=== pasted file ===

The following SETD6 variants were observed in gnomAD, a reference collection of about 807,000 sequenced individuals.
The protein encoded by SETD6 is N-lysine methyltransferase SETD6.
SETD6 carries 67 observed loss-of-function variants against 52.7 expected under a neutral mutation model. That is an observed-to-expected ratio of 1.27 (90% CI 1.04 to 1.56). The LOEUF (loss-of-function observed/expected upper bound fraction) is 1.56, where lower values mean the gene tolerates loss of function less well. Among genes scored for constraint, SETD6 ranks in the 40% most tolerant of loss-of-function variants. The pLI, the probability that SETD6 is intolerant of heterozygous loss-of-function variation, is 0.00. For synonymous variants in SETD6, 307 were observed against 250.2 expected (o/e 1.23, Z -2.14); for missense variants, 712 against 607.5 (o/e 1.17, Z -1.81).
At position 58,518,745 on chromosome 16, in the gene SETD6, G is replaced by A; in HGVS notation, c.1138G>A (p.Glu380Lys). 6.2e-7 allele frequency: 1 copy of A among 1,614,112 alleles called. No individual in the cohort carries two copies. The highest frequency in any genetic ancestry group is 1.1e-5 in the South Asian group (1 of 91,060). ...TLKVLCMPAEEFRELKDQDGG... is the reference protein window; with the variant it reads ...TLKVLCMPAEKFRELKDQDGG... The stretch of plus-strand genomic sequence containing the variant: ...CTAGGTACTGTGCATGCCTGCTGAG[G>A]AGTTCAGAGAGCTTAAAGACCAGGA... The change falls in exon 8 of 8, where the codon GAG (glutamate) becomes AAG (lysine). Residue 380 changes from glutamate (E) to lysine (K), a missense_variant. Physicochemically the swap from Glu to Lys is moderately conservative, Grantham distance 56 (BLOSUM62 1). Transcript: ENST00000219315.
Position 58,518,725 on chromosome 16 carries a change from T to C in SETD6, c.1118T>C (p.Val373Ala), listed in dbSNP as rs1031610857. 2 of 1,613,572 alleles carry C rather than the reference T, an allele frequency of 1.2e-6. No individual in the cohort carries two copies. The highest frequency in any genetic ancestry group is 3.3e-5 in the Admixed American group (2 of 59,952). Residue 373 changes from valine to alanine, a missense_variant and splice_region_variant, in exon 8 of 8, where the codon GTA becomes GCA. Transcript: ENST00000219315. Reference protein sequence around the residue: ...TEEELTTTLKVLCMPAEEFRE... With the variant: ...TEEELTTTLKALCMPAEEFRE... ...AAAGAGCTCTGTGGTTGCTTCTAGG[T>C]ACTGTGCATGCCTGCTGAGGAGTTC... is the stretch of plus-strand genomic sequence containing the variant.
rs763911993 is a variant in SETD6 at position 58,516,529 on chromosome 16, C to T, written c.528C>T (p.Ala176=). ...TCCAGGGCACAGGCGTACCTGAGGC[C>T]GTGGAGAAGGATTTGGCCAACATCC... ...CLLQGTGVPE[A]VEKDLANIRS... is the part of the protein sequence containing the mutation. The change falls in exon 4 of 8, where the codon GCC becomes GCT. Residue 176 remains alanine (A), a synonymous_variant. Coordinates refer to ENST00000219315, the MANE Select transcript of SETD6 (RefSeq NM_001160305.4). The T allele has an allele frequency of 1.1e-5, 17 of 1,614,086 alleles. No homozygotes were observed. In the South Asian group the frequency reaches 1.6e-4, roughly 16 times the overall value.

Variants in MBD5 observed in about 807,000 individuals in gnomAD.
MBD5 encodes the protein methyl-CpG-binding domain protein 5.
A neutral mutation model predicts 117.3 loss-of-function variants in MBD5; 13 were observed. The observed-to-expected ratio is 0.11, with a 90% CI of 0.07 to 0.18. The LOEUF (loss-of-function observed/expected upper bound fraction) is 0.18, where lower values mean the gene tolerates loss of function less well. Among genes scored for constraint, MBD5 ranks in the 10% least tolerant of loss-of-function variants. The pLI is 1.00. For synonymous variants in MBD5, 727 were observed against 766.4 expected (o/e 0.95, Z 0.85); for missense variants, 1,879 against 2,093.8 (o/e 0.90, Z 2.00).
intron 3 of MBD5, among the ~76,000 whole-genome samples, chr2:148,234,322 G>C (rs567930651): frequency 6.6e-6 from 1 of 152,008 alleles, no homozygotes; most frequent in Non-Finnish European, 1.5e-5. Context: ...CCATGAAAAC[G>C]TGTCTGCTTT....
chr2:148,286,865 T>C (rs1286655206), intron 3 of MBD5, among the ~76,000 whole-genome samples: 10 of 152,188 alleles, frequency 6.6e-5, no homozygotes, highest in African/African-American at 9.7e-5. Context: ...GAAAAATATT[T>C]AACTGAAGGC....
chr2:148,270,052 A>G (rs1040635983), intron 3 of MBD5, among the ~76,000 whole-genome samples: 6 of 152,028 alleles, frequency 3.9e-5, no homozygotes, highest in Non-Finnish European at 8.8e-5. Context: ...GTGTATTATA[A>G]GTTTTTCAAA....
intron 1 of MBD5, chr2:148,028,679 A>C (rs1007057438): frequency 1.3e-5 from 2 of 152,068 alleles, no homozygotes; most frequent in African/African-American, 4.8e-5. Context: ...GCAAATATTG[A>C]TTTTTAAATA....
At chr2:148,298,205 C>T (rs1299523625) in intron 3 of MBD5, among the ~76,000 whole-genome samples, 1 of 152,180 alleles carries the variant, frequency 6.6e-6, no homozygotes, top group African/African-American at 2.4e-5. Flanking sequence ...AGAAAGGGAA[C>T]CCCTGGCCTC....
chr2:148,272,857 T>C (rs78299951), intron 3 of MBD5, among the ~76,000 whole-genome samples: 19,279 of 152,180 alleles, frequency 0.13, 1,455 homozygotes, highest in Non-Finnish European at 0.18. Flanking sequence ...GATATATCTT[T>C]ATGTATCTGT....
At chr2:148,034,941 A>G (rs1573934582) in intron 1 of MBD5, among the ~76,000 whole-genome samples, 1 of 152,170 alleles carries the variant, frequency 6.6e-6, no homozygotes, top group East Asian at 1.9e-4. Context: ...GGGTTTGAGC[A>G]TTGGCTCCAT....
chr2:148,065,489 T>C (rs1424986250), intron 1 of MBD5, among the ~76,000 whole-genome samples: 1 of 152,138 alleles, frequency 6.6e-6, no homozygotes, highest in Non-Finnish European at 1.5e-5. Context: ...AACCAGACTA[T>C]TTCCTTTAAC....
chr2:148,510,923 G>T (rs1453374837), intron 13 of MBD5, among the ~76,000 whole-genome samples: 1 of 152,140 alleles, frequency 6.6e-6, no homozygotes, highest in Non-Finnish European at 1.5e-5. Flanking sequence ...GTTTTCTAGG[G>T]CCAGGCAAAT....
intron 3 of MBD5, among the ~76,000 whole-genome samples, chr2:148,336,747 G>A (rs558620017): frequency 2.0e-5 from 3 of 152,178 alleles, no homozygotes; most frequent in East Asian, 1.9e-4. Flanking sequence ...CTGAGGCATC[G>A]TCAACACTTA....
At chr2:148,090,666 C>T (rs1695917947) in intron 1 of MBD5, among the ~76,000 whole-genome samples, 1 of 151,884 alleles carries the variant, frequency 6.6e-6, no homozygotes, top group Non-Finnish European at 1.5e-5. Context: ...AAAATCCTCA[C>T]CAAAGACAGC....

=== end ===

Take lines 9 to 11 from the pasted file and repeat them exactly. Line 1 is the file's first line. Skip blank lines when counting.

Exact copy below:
A neutral mutation model predicts 117.3 loss-of-function variants in MBD5; 13 were observed. The observed-to-expected ratio is 0.11, with a 90% CI of 0.07 to 0.18. The LOEUF (loss-of-function observed/expected upper bound fraction) is 0.18, where lower values mean the gene tolerates loss of function less well. Among genes scored for constraint, MBD5 ranks in the 10% least tolerant of loss-of-function variants. The pLI is 1.00. For synonymous variants in MBD5, 727 were observed against 766.4 expected (o/e 0.95, Z 0.85); for missense variants, 1,879 against 2,093.8 (o/e 0.90, Z 2.00).
intron 3 of MBD5, among the ~76,000 whole-genome samples, chr2:148,234,322 G>C (rs567930651): frequency 6.6e-6 from 1 of 152,008 alleles, no homozygotes; most frequent in Non-Finnish European, 1.5e-5. Context: ...CCATGAAAAC[G>C]TGTCTGCTTT....
chr2:148,286,865 T>C (rs1286655206), intron 3 of MBD5, among the ~76,000 whole-genome samples: 10 of 152,188 alleles, frequency 6.6e-5, no homozygotes, highest in African/African-American at 9.7e-5. Context: ...GAAAAATATT[T>C]AACTGAAGGC....